Smart contracts are negotiated, verified and automated by a computerised protocol. Digital Built Britain recommended smart contracts for construction procurement in level 3 BIM (building information modelling) as a replacement for paper-based contracts.
Smart contracts can provide better protection through digital archiving, have the flexibility to be changed during the project, and are easier to administer, resulting in lower transaction costs and faster transactions.
The term was originally coined in 1994 by the computer scientist Nick Szabo. He referred to smart contracts being used to bring the practice of contract law to the design of e-commerce protocols between strangers on the Internet.
However, the term can be misused to describe contracts which are produced electronically, reducing the need for paper. While this process can help simplify contracts, it does not provide innovation in terms of how they are planned or used.
Truly smart contracts automatically validate conditions to determine the action that the contract requires. In this sense it has been compared to a vending machine, whereby a simple transaction results in a contract without the need for the ‘middle man’ of the lawyer to produce documentation.
 Types of blockchain
Some of the smart contract systems, sometimes referred to as ‘blockchains’, that are currently available include:
- Bitcoin: A digital currency that processes transactions but is limited in terms of processing documents.
- Side Chains: Run adjacent to Bitcoin, offering more scope for processing contracts.
- NXT: A public blockchain platform providing smart contract templates.
- Ethereum:The most advanced public blockchain platform for coding whatever smart contract is required.
Intelligent contracts differ from smart contracts in that they ask questions of the contract users. From the answers received, they use logic to plan, create and negotiate bespoke contracts, adopting only the clauses relevant to the particular project and users.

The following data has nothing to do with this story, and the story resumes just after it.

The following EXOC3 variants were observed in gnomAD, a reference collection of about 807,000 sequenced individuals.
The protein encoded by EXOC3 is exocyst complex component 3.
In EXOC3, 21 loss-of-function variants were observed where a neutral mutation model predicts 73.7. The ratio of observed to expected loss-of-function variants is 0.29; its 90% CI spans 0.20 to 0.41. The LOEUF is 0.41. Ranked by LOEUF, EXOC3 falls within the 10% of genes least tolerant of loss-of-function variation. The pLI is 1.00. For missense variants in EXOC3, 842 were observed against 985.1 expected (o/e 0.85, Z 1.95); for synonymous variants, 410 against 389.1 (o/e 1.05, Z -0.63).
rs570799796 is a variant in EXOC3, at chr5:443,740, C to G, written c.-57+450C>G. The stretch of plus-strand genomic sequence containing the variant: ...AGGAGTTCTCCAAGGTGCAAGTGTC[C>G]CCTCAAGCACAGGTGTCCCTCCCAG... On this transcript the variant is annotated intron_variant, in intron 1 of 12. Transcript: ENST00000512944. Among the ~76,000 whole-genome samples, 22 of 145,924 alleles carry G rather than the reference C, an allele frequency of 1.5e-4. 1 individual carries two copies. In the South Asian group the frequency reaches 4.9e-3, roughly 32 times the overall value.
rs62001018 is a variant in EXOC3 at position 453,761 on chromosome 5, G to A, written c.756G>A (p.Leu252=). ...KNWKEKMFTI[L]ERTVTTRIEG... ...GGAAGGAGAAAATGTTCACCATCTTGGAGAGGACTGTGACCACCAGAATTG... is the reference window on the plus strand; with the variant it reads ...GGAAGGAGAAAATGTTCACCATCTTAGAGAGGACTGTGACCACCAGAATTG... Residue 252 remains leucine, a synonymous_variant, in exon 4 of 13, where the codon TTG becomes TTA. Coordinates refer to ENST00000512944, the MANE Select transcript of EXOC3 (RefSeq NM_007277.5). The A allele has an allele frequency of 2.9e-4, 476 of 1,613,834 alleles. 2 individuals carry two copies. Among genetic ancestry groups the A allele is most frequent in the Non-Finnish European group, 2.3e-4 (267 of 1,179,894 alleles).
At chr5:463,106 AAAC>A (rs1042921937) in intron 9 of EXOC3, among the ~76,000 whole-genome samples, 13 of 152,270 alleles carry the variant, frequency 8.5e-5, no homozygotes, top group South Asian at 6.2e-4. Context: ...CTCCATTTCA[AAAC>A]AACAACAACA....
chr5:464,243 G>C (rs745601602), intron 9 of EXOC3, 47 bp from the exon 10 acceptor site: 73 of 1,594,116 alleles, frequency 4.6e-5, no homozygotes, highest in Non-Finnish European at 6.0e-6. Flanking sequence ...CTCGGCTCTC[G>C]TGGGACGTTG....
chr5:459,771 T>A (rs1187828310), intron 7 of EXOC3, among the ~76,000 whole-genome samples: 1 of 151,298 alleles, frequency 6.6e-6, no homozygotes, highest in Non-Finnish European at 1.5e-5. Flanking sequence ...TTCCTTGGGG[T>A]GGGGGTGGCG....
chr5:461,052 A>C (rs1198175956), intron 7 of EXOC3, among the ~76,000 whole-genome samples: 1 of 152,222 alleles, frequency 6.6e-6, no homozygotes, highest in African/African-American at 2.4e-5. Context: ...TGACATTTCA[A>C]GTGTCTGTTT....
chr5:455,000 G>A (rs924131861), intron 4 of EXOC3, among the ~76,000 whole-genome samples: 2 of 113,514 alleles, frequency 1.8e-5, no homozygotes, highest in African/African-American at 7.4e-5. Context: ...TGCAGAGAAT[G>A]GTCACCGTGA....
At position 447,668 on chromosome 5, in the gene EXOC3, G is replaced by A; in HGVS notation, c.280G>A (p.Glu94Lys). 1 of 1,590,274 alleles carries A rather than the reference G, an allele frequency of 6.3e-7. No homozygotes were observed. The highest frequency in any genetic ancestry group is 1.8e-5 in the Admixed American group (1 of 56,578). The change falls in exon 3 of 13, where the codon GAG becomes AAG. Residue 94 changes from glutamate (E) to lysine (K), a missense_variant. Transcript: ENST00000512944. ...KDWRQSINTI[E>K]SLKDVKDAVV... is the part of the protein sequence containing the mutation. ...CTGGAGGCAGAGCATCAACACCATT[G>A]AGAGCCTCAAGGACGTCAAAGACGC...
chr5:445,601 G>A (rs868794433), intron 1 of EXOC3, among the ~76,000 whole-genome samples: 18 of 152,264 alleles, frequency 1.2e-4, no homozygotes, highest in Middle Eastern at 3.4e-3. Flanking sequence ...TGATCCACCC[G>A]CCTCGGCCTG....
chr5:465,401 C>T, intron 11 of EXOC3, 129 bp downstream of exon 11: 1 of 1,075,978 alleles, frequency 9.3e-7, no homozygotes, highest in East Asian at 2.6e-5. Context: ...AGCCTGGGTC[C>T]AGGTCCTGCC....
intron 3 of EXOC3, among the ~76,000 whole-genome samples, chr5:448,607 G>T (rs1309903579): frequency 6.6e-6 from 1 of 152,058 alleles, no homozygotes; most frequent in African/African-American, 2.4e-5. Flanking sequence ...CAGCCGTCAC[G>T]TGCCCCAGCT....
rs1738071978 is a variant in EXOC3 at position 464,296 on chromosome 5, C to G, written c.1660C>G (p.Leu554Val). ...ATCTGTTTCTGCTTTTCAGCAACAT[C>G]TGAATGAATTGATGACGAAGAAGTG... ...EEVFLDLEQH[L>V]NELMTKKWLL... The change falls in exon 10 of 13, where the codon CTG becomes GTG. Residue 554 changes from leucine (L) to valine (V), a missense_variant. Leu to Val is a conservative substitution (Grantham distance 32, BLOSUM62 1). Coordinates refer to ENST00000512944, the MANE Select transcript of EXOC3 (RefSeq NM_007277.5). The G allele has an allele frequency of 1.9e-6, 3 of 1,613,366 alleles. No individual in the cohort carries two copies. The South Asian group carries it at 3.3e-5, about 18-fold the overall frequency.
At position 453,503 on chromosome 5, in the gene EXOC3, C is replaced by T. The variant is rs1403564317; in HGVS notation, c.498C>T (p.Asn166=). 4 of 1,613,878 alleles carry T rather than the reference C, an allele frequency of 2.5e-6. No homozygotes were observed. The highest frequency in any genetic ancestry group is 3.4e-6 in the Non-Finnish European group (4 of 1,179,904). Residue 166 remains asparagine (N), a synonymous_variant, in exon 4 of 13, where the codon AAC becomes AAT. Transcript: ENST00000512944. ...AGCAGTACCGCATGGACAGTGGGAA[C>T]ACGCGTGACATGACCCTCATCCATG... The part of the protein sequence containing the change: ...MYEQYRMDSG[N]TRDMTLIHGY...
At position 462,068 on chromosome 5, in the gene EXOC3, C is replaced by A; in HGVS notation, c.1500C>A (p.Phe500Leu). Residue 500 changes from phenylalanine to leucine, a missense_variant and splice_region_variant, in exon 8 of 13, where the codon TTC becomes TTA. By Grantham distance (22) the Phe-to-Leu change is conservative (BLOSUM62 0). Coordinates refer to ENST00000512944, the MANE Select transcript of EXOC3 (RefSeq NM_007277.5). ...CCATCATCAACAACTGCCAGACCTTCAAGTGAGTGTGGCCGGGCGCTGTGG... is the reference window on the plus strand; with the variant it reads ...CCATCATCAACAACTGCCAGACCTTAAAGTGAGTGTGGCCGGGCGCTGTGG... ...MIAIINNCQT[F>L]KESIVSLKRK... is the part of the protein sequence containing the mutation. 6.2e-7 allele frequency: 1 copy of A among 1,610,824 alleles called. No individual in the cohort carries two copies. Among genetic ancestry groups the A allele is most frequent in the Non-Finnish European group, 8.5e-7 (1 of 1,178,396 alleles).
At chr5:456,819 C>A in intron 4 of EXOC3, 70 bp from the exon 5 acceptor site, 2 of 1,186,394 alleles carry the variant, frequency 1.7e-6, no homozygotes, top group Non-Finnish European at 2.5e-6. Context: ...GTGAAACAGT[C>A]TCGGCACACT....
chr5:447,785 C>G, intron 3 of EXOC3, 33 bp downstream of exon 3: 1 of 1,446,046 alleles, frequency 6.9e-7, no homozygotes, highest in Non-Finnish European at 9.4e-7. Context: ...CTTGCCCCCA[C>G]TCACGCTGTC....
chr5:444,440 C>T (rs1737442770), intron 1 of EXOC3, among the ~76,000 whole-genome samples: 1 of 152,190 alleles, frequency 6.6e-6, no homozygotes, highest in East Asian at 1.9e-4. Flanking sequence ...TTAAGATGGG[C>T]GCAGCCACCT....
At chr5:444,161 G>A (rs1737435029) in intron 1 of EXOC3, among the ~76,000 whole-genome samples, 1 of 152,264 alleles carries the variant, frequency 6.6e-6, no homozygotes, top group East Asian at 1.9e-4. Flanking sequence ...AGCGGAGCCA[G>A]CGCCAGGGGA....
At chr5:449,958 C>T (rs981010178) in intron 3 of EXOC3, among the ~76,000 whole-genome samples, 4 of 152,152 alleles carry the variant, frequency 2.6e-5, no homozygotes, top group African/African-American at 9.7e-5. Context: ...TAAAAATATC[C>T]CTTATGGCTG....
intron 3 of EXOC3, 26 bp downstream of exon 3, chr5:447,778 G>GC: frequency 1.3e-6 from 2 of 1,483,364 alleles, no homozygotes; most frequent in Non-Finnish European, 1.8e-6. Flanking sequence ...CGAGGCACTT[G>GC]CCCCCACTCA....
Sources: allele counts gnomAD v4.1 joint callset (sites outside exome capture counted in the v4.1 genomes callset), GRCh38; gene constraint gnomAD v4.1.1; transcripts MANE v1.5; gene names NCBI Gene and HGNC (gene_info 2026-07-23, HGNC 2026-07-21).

The hope of those developing intelligent contracts is that the standard forms of contract could be entirely replaced by one single access questionnaire portal. Intelligent contract systems could also be developed to import smart elements into longer digital contracts, such as:
- Automating the delivery of agreed contracts for digital execution.
- Updated the programme of works based on variations or compensation events.
- Automating payments to the supply chain.
- Releasing documents.
- Submitting claims.
Smart contracts have been criticised for their flaws. For instance, vulnerability to viruses, taxation of transactions, liability for errors and so on. However, the advantages of smart contracts might include:
- Autonomy: Removes the need for intermediaries.
- Trust: Documents are encrypted on a shared drive.
- Back-up: Documents are duplicated on the blockchain.
- Safety: Websites are encrypted, keeping documents safe.
- Speed: Removes time spent manually processing contract documents.
- Savings: Costs saved on intermediaries, and so on.
- Accuracy: Errors in manually filled-out documents can be avoided.
- Audit trails: Simple audit trails and records in real time can simplify the resolution of claims and disputes.
 Related articles on Designing Buildings Wiki
- Collaborative practices for building design and construction.
- Construction 2025.
- Construction contract.
- Contract documents.
- Digital Built Britain.
- Essentials of a contract.
- Procurement route.
- Smart construction.
 External resources
- Blockgeeks - Smart contracts
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